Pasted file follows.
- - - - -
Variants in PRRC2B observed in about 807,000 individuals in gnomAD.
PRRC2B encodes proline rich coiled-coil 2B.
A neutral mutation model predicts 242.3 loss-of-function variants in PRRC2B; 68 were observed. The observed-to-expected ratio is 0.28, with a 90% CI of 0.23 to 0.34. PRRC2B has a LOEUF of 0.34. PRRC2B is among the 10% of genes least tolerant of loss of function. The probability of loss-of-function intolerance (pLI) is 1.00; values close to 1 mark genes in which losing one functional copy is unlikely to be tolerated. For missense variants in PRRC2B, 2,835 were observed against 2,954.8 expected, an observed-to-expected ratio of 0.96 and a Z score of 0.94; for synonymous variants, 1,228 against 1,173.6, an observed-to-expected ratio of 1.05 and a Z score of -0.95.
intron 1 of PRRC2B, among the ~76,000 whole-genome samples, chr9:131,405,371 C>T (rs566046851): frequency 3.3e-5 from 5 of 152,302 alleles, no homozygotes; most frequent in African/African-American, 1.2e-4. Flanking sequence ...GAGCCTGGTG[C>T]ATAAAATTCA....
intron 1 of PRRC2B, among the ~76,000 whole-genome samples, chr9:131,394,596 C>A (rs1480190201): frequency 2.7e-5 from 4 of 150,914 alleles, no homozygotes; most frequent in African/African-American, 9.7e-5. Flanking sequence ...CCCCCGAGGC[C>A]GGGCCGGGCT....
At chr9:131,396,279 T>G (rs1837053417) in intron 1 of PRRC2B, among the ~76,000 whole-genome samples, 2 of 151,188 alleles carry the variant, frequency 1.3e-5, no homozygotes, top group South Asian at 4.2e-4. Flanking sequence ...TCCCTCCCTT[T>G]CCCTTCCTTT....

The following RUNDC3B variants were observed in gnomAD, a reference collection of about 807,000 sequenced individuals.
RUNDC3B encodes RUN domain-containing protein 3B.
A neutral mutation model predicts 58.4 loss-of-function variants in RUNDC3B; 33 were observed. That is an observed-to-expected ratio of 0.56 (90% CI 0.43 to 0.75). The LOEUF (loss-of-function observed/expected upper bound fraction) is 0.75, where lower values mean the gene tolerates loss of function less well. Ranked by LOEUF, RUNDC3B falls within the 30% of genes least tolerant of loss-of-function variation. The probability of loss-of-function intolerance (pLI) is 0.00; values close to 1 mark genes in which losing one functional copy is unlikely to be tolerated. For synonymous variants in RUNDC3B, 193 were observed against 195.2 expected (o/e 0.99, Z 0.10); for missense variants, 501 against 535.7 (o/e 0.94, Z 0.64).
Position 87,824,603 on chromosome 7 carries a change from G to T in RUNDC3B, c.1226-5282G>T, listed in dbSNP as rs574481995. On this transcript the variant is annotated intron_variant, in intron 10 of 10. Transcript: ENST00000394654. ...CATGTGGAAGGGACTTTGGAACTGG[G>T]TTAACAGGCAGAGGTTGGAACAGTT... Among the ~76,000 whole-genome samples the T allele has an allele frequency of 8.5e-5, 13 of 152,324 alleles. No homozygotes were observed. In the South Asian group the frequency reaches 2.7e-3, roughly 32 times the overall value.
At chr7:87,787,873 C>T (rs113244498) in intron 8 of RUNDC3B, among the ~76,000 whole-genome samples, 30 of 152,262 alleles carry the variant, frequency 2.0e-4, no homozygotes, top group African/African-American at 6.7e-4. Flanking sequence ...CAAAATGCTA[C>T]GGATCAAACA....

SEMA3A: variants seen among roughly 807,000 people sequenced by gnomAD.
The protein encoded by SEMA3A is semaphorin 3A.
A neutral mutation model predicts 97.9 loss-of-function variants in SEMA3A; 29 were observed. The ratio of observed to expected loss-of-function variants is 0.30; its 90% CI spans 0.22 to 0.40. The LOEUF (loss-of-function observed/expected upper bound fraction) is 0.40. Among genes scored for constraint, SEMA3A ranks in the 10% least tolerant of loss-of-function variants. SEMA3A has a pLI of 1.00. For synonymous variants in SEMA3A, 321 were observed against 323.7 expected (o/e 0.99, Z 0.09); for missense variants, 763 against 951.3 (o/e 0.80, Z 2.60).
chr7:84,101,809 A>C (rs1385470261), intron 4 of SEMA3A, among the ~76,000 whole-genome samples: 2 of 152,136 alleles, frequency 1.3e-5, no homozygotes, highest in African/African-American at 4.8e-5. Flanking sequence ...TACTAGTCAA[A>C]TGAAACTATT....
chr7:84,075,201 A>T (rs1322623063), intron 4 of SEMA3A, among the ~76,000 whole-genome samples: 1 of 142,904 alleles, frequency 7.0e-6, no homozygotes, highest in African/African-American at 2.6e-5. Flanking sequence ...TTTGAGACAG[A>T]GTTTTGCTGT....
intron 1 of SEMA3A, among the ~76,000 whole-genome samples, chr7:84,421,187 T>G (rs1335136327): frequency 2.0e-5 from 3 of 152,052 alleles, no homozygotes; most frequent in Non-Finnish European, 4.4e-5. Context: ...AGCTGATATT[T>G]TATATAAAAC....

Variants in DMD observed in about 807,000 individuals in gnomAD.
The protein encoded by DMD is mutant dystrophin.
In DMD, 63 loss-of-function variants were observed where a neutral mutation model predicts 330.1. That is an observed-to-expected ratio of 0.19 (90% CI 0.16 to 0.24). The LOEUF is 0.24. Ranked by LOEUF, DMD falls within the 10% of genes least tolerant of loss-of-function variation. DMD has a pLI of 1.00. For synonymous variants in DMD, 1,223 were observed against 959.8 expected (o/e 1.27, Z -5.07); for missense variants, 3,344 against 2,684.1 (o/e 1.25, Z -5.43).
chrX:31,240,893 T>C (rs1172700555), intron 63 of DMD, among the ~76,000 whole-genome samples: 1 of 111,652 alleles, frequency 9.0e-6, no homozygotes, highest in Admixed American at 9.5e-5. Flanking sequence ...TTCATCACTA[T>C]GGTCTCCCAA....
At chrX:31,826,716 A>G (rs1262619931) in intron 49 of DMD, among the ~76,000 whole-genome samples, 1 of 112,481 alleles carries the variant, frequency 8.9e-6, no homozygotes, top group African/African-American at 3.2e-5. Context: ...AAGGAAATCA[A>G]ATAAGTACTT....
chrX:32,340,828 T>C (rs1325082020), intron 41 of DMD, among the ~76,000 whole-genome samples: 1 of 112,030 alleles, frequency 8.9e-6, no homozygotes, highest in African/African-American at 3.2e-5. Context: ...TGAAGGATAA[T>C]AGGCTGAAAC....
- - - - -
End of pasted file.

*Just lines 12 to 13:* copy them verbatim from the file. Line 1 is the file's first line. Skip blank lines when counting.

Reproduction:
SEMA3A: variants seen among roughly 807,000 people sequenced by gnomAD.
The protein encoded by SEMA3A is semaphorin 3A.